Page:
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When I look at a piece of art I don't know what I'm supposed to think

95 replies

spacedonkey · 27/09/2005 17:59

Is this normal?

I'm sure the thoughts I do have are banal.

Any guidance from art appreciating culture vultures?

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SenoraPostrophe · 27/09/2005 18:02

it's highly normal.

you're not "supposed" to think anything though - a work of art means different things to different people.

If you're thoughts are anything other than "that would go nicely with the curtains" then the art is working - it's making you think. If your thoughts really are banal then perhaps it's not very good.

SenoraPostrophe · 27/09/2005 18:03

not that i'm a big art expert btw. I just know what i like

harpsichordcarrier · 27/09/2005 18:04

this is quite a good book if you want some pointers

spacedonkey · 27/09/2005 18:05

The problem is that most pieces of art I look at don't inspire any feeling in me at all. I'm not normally a philistine, but seem to become one when I enter a gallery. I wonder what goes on in the minds of gallery-goers as they amble around?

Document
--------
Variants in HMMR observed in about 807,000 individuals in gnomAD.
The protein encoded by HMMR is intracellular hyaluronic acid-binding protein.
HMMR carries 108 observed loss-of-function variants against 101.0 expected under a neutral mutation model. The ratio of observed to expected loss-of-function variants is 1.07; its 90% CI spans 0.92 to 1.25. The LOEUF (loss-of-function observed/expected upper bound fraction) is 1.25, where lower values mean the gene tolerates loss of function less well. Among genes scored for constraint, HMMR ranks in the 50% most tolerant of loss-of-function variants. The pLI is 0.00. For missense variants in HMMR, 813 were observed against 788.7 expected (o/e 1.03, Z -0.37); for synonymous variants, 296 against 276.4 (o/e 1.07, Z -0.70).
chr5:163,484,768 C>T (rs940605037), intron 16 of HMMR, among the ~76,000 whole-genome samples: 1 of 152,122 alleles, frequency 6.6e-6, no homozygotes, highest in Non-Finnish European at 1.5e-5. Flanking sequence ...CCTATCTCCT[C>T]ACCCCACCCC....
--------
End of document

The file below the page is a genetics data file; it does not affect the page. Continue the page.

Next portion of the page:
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lilibet · 27/09/2005 18:06

If you go to a gallery the phone type things that you hold to your ear can be really good at giving you background to a picture and then you can put it into context with the time/place it ws apinted. At Manchester City Gallery some of the commentaries are by Mark and Lard and they are really funny.

Your thoughts are not banal, they are your reaction to something, even if you just stand there thinking 'that's crap', which I do sometimes, it doesn't matter - it's your honest reaction.

I did a bit of a study of Art in my OU course last year and unitl then I had no idea I liked it so much - am now going to do Art History. But very often I stand in front of a picture and think "why the hell did they bother?"

What sort of thing do you like looking at?

SoupDragon · 27/09/2005 18:07

I've seen a few pictures that have leapt out at me and made me go "wow". Otherwise my thoughts tend to be fairly banal. Some galleries I've been to have had great "explanation cards" which point out things in paintings which you may otherwise have missed.

spacedonkey · 27/09/2005 18:11

I think I'm giving the impression that I don't like art, which isn't the case at all.